Monthly Archives: July 2013

Tuscan Wildlife

Last night as I drove home from a friends house a little before midnight, I was suprised to see so many foxes out on the road. One zig zagged in front of my car like a drunken teenager, even skipping and throwing his back legs in the air as if he was giving me some sort of sign that this was his territory. Further on another fox cruised over the road and turned to look straight at me. Then instead of disappearing into the scrub, he walked the road as I drove slowly beside him – he wasnt at all bothered by the car, and only ran off when another car came in the opposite direction at speed.
Living in rural Tuscany, coming across wild animals after a night out is a fairly normal occurance. Usually on these roads it is fox, wild boar, badger and porcupine that I see most often, but neighbours tell of seeing wolves roaming the old White road near Castellare di Tonda.

This road is currently closed to cars due to a landslide; but we still frequently use it on horseback. The farm along the side of the road has a flock of sheep and goats and a large herd of cattle. The stock are protected by big maremmano sheepdogs, but every now and then a lamb will wander too far from mum, or an old sheep will distance itself from the rest. The elusive wolf is patient, and these unfortunate cases are those that become his prey.


Other animals that we see frequently on our rides, are deer (Fallow, and whitetail’s) as well as squirrels, buzzards, snakes and lizzards. Rarer still are beavers and badgers, and the rare speckled salamander that lives in the canyon bordering the castellare property.

The land between Castellare and Castelfalfi reserves is now a protected park, where guests can take enjoyable shaded walks down through a seriers of maintained trails; and even try and spot the salamander in his habitat. We ride these trails too; and we are so lucky to have them when its hot.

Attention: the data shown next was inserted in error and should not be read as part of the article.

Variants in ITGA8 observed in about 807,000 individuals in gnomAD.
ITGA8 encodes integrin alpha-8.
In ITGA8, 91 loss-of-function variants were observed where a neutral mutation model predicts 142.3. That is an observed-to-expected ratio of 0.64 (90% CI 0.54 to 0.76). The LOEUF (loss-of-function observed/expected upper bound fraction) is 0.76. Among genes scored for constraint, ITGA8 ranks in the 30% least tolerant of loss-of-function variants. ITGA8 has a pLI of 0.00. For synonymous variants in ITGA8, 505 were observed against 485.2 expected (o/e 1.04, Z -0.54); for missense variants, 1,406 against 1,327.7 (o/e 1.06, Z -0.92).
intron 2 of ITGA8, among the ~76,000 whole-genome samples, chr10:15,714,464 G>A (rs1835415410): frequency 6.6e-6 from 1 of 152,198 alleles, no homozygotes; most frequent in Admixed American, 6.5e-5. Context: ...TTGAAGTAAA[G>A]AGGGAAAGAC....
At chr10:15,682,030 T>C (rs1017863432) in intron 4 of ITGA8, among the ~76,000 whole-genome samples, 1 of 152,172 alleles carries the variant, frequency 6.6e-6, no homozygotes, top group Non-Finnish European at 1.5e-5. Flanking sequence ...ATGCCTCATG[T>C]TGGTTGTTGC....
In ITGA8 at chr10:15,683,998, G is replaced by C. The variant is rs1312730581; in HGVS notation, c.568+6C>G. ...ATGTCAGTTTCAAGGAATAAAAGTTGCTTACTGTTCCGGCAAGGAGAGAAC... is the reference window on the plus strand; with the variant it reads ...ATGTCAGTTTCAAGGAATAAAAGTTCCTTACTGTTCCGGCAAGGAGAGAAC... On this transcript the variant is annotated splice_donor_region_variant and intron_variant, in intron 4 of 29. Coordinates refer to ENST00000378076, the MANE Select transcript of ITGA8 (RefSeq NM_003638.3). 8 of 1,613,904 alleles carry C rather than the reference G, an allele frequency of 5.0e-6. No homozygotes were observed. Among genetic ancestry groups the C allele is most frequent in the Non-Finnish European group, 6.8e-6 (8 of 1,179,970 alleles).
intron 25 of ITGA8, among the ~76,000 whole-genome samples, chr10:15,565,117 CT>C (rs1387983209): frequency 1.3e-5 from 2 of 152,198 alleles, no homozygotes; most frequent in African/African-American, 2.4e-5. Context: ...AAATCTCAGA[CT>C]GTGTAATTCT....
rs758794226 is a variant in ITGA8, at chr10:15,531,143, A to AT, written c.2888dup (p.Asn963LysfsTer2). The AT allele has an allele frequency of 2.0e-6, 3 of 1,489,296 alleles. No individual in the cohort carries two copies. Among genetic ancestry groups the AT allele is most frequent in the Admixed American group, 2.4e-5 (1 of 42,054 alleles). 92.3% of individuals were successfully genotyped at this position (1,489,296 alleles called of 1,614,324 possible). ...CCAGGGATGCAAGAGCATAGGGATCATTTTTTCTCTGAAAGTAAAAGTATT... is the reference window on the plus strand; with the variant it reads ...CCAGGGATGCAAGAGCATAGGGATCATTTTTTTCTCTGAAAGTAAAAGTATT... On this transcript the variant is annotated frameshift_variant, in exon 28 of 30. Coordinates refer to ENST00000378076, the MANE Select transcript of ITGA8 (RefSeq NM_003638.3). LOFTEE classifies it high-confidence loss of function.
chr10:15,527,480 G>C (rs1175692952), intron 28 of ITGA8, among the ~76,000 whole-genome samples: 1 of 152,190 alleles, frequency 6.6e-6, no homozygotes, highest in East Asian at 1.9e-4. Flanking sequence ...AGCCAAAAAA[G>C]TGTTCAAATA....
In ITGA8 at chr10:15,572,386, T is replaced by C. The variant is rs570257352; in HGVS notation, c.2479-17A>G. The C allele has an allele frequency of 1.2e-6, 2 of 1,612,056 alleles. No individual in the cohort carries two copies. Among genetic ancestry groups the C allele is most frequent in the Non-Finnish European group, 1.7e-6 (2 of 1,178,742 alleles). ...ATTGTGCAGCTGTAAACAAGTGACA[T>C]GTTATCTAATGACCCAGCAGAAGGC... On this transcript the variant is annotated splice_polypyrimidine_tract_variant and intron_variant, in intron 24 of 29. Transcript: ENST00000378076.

I often remember areas where we have ridden in the past where the picturesque Tuscan landscape (sparse olive trees and vineyards) can turn into a fierce and unforgiving terrain to cross by horseback. The lack of shade, and the flies make for a fairly torturous ride. Luckily we now have the option of the dozen or so trails in the Carfalo torrente park.  Below you can see the difference from riding in May and now…

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African Heat Wave Hits Italy

Did you know that the frequency of a Cicader’s chirping varies according to temperature.

Its actually possibile to gage the temperature by counting the number of chirps in 15 seconds and then adding 37 (for degrees farenheit that is).

As I write this post, the Cicaders are chiping so fast outside that I cant even count the chirps they make in 15 seconds. and the heat outside is stifling and oppressive to suit.

Interestingly, a chorus of cicadas can reach volumes greater than 100 decibels, a noise that is louder than your neighbours lawnmower.  The cicada’s group chorus repels birds that hunt by day and they usually quiet their racket when the sun sets.